- to accustom to hardship, difficulty, pain, etc.; toughen or harden; habituate (usually followed by to): inured to cold.
- to come into use; take or have effect.
- to become beneficial or advantageous.
Origin of inure
Examples from the Web for inuring
Contemporary Examples of inuring
The frequent viewing, though, introduces a problem that rubbernecking never had—the dulling and inuring effects of repetition.Kevin Ware’s Broken Leg Will Live On in the Annals of Grisly Injuries
April 1, 2013
Historical Examples of inuring
After inuring them to fatigue, and drilling them thoroughly in the exercises of battle, he commenced his career.The Empire of Russia
John S. C. Abbott
Occasional deprivation of food or exposure to cold, was considered a highly efficacious test for inuring them to endurance.Bushido, the Soul of Japan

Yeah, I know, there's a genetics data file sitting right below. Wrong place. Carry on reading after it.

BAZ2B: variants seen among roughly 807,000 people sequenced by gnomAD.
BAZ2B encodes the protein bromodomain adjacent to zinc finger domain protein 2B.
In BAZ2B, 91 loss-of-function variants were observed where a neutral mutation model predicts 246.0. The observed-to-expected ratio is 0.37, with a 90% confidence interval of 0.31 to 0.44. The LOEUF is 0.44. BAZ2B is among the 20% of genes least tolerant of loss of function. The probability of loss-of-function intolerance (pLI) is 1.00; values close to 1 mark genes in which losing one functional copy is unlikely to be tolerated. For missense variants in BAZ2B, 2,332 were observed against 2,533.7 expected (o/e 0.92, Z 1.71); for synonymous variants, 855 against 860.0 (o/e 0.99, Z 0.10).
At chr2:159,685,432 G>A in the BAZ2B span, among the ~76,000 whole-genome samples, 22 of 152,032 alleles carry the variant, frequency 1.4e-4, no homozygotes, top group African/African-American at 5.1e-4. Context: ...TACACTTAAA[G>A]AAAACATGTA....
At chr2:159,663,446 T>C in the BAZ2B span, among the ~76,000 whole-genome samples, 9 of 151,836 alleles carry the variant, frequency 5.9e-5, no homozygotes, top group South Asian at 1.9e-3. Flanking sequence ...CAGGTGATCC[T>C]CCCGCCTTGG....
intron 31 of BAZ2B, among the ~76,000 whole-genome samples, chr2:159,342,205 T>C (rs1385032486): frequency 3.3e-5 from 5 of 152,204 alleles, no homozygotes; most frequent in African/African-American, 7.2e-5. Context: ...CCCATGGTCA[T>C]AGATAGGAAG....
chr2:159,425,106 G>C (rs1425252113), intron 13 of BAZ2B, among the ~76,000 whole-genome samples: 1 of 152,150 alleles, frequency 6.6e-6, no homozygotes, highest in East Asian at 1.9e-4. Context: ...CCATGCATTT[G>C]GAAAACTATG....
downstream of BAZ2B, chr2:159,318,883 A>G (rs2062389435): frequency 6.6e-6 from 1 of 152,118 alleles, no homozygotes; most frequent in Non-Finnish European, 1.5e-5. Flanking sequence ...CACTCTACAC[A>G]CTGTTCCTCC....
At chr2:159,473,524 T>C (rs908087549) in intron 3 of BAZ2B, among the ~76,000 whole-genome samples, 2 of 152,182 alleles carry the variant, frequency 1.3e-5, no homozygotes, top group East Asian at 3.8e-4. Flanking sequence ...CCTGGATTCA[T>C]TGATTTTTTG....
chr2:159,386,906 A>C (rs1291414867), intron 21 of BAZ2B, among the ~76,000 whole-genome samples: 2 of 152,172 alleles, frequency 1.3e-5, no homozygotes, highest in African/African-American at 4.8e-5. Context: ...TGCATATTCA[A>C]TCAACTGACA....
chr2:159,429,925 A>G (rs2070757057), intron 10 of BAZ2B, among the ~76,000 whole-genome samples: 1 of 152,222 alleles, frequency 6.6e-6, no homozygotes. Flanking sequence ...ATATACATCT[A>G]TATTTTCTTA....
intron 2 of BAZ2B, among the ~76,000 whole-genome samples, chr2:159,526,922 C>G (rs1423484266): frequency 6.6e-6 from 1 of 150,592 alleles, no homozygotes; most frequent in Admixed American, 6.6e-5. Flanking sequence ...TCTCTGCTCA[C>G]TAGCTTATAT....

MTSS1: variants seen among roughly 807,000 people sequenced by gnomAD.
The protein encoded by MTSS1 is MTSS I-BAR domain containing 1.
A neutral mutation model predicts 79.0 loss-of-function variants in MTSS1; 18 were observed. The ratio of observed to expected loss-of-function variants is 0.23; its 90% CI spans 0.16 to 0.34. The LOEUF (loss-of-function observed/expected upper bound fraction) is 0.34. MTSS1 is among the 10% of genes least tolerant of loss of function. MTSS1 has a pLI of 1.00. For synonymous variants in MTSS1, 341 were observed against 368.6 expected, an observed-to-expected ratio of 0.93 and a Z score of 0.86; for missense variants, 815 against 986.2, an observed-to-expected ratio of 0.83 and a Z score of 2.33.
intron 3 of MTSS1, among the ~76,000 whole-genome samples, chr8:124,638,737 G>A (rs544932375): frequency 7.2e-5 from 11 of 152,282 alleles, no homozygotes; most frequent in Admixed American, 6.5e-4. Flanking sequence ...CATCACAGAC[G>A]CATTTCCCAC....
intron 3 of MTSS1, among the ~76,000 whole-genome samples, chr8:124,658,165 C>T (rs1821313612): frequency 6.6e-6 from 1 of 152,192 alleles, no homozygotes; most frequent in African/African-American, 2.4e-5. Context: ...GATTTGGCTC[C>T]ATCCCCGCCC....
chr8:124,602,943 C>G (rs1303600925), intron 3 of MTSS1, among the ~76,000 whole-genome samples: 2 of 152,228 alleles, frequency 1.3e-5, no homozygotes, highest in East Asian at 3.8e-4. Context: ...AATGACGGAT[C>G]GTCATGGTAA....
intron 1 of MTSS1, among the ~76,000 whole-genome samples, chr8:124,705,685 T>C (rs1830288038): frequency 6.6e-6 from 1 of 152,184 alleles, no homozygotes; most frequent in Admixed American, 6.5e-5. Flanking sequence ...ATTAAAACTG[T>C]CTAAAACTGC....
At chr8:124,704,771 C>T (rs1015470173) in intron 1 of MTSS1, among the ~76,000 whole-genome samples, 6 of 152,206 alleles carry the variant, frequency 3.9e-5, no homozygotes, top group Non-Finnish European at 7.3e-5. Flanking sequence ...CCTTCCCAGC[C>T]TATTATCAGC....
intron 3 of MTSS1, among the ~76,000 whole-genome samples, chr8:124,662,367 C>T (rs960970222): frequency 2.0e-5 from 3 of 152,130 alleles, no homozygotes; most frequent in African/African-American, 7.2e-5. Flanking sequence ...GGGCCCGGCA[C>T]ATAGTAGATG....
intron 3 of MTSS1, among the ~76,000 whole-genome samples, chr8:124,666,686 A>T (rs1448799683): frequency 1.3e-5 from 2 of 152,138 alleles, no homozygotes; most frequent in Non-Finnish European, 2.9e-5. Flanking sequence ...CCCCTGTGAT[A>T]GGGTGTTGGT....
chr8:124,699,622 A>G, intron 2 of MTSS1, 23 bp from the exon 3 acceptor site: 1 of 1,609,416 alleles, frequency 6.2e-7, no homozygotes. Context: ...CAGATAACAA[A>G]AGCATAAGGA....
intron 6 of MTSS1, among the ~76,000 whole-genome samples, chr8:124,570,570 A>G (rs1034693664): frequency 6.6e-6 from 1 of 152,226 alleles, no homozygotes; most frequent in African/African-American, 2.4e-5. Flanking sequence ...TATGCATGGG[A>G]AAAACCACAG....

It is inuring men to war and filling them with a passionate resolve never to suffer war again.War and the Future
H. G. Wells
He had used his methods, and they had failed, inuring only to the advantage of Santa Anna and Mexico.The Texan Star
Joseph A. Altsheler
- (tr; often passive often foll by to) to cause to accept or become hardened to; habituate
- (intr) (esp of a law, etc) to come into operation; take effect
Word Origin for inure
early 15c., in ure "in practice," from obsolete ure "work, practice, exercise, use," probably from Old French uevre, oeuvre "work," from Latin opera (see opus). Related: Inured; inuring.